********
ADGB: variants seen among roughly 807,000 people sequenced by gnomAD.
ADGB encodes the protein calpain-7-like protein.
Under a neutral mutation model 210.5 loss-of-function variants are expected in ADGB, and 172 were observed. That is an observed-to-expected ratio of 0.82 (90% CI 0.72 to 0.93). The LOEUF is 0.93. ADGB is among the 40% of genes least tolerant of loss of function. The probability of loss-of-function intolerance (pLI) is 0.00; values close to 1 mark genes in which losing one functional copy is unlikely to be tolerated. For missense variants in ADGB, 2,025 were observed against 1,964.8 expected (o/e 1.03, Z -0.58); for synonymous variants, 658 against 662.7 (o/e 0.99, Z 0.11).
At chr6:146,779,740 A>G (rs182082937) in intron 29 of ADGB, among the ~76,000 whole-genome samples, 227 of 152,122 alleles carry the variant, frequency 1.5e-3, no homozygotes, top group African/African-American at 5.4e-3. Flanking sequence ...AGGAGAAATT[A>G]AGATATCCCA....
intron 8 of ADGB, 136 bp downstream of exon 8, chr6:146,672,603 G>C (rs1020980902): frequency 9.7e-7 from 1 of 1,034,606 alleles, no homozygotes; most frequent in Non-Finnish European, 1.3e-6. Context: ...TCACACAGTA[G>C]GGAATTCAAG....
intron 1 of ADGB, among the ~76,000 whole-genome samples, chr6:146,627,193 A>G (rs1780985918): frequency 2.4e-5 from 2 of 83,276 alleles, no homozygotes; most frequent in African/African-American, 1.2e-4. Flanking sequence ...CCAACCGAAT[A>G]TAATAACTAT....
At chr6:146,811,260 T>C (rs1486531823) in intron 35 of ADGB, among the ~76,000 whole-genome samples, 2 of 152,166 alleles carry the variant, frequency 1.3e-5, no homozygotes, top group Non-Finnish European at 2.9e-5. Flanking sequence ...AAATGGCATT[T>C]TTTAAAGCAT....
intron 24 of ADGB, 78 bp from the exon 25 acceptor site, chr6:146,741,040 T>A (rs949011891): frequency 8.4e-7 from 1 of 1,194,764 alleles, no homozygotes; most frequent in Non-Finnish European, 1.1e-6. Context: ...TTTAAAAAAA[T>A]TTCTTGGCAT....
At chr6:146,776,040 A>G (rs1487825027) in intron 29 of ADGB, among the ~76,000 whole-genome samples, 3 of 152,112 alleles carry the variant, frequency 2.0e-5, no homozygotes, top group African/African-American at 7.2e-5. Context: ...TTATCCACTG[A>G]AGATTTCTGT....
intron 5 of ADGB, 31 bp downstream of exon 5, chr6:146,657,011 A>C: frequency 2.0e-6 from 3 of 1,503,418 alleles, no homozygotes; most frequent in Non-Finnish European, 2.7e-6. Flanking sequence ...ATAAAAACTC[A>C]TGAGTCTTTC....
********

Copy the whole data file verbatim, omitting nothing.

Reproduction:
ADGB: variants seen among roughly 807,000 people sequenced by gnomAD.
ADGB encodes the protein calpain-7-like protein.
Under a neutral mutation model 210.5 loss-of-function variants are expected in ADGB, and 172 were observed. That is an observed-to-expected ratio of 0.82 (90% CI 0.72 to 0.93). The LOEUF is 0.93. ADGB is among the 40% of genes least tolerant of loss of function. The probability of loss-of-function intolerance (pLI) is 0.00; values close to 1 mark genes in which losing one functional copy is unlikely to be tolerated. For missense variants in ADGB, 2,025 were observed against 1,964.8 expected (o/e 1.03, Z -0.58); for synonymous variants, 658 against 662.7 (o/e 0.99, Z 0.11).
At chr6:146,779,740 A>G (rs182082937) in intron 29 of ADGB, among the ~76,000 whole-genome samples, 227 of 152,122 alleles carry the variant, frequency 1.5e-3, no homozygotes, top group African/African-American at 5.4e-3. Flanking sequence ...AGGAGAAATT[A>G]AGATATCCCA....
intron 8 of ADGB, 136 bp downstream of exon 8, chr6:146,672,603 G>C (rs1020980902): frequency 9.7e-7 from 1 of 1,034,606 alleles, no homozygotes; most frequent in Non-Finnish European, 1.3e-6. Context: ...TCACACAGTA[G>C]GGAATTCAAG....
intron 1 of ADGB, among the ~76,000 whole-genome samples, chr6:146,627,193 A>G (rs1780985918): frequency 2.4e-5 from 2 of 83,276 alleles, no homozygotes; most frequent in African/African-American, 1.2e-4. Flanking sequence ...CCAACCGAAT[A>G]TAATAACTAT....
At chr6:146,811,260 T>C (rs1486531823) in intron 35 of ADGB, among the ~76,000 whole-genome samples, 2 of 152,166 alleles carry the variant, frequency 1.3e-5, no homozygotes, top group Non-Finnish European at 2.9e-5. Flanking sequence ...AAATGGCATT[T>C]TTTAAAGCAT....
intron 24 of ADGB, 78 bp from the exon 25 acceptor site, chr6:146,741,040 T>A (rs949011891): frequency 8.4e-7 from 1 of 1,194,764 alleles, no homozygotes; most frequent in Non-Finnish European, 1.1e-6. Context: ...TTTAAAAAAA[T>A]TTCTTGGCAT....
At chr6:146,776,040 A>G (rs1487825027) in intron 29 of ADGB, among the ~76,000 whole-genome samples, 3 of 152,112 alleles carry the variant, frequency 2.0e-5, no homozygotes, top group African/African-American at 7.2e-5. Context: ...TTATCCACTG[A>G]AGATTTCTGT....
intron 5 of ADGB, 31 bp downstream of exon 5, chr6:146,657,011 A>C: frequency 2.0e-6 from 3 of 1,503,418 alleles, no homozygotes; most frequent in Non-Finnish European, 2.7e-6. Flanking sequence ...ATAAAAACTC[A>C]TGAGTCTTTC....